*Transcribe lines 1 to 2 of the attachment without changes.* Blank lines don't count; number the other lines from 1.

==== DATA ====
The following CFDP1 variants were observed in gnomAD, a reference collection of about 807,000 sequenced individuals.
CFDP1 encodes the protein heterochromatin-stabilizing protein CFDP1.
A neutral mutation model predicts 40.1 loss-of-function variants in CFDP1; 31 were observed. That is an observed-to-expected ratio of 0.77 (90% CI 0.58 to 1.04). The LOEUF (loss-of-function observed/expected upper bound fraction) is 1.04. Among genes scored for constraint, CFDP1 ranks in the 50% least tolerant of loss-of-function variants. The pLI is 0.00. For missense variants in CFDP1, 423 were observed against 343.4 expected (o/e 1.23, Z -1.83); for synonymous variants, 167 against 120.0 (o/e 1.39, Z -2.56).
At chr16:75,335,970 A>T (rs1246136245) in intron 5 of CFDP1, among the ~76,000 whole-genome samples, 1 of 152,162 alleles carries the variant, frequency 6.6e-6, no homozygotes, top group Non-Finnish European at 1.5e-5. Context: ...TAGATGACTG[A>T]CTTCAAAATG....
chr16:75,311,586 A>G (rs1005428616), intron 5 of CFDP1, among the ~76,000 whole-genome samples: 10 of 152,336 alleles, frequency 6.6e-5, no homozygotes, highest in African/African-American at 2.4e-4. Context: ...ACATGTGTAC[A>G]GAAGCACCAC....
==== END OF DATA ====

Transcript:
The following CFDP1 variants were observed in gnomAD, a reference collection of about 807,000 sequenced individuals.
CFDP1 encodes the protein heterochromatin-stabilizing protein CFDP1.